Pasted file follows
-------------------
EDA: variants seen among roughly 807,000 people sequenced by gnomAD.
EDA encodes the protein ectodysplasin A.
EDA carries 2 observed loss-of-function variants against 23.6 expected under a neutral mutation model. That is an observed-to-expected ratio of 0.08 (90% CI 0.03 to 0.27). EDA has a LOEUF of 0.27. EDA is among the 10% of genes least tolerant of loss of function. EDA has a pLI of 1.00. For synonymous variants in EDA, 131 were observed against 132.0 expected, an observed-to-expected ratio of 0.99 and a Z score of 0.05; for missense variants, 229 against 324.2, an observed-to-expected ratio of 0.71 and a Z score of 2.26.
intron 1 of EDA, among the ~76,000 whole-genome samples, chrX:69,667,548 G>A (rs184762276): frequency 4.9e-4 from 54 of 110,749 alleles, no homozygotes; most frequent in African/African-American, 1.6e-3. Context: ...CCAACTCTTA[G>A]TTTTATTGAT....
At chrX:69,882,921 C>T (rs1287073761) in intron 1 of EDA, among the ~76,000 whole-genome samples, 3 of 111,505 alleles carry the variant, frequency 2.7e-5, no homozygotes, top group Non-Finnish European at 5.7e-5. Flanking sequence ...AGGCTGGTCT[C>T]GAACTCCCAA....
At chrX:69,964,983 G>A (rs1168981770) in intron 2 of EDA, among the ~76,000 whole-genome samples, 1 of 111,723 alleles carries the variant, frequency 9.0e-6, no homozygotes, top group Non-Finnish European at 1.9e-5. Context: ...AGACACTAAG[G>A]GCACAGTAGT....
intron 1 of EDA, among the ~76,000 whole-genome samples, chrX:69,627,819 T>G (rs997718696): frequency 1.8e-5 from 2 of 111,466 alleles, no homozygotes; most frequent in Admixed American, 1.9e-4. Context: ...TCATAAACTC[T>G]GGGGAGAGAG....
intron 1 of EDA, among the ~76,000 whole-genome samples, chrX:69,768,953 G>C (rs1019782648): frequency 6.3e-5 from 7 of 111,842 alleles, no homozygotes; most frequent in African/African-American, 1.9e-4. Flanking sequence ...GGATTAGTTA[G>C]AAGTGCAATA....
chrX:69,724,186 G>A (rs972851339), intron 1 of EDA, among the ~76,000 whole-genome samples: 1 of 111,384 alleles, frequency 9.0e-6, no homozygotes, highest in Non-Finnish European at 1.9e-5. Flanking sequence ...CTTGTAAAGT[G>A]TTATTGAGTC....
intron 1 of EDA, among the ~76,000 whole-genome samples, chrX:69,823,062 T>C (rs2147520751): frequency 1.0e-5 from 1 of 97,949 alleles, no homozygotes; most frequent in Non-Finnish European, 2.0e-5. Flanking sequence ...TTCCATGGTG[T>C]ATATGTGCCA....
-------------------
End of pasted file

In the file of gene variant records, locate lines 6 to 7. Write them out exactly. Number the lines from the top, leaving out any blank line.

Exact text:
At chrX:69,964,983 G>A (rs1168981770) in intron 2 of EDA, among the ~76,000 whole-genome samples, 1 of 111,723 alleles carries the variant, frequency 9.0e-6, no homozygotes, top group Non-Finnish European at 1.9e-5. Context: ...AGACACTAAG[G>A]GCACAGTAGT....
intron 1 of EDA, among the ~76,000 whole-genome samples, chrX:69,627,819 T>G (rs997718696): frequency 1.8e-5 from 2 of 111,466 alleles, no homozygotes; most frequent in Admixed American, 1.9e-4. Context: ...TCATAAACTC[T>G]GGGGAGAGAG....